After I gave notice, Sergei seemed surprised that I was leaving (apparently Zhenya had not been communicating my comments to him) and tried to act hurt. I already was in contact with another school and he asked if I could stay longer, until he found a replacement, but I wouldn't give him any guarantees because I didn't want to endanger my job at the other school. Then he was upset when I told him I couldn't stay beyond the two weeks notice, and he e-mailed me 'You said you would stay until we found a replacement!' What a load of crap. He also said I could stay in the flat until they found someone. Then, after all this bs about it being difficult to find a replacement, I got one day's notice to vacate the flat because the new guy was moving in.

Also, they tell you they'll get you a work visa. They lie. They apply for a work number so you can pay taxes, but that's it - no work visa, not even a business visa. So essentially you're a tourist in the country, and you can only be there 90 days, then you have to leave the country for 90 days. This law often isn't enforced at the border and you can usually come right back in, but you can't count on it. A teacher from the US - who left IH-DNK in May - had to pay a $100 bribe as she was leaving Kiev Airport, for overstaying the 90 / 180 law. And of course Sergei refused to reimburse her, despite the fact that it was his fault that she wasn't legal in the country.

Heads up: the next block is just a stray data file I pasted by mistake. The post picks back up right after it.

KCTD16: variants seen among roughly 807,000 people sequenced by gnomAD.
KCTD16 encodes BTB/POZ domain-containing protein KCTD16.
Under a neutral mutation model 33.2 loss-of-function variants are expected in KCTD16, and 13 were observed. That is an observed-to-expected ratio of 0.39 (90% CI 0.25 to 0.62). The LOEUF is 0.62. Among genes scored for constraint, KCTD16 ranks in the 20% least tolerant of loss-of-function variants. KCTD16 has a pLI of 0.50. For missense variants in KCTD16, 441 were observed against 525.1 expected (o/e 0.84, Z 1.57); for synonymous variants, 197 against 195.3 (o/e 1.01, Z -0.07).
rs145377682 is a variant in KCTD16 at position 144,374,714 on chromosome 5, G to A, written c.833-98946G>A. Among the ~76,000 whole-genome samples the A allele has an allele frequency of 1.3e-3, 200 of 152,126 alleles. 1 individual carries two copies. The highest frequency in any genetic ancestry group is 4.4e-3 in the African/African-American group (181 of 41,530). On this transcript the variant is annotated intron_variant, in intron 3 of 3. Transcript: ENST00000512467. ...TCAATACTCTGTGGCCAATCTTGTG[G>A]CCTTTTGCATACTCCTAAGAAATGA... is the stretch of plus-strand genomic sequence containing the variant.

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coledavis



Joined: 21 Jun 2003
Posts: 1828

PostPosted: Wed Sep 29, 2010 11:26 am    Post subject: Reply with quote

While not wishing to oppose everything said here, I wish to note a couple of practices which are not unusual for eastern Europe and which are justifiable (although not to everybody's tastes). Some schools do have classes shared by alternating native speaker and local teachers, often with the latter tending to teach the grammar. Some schools do give you the chance to settle in for a few weeks before formally observing a class. I personally would favour this second approach; one thing I am less than keen on is the practice of observing the first lesson.
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eltie



Joined: 06 Dec 2009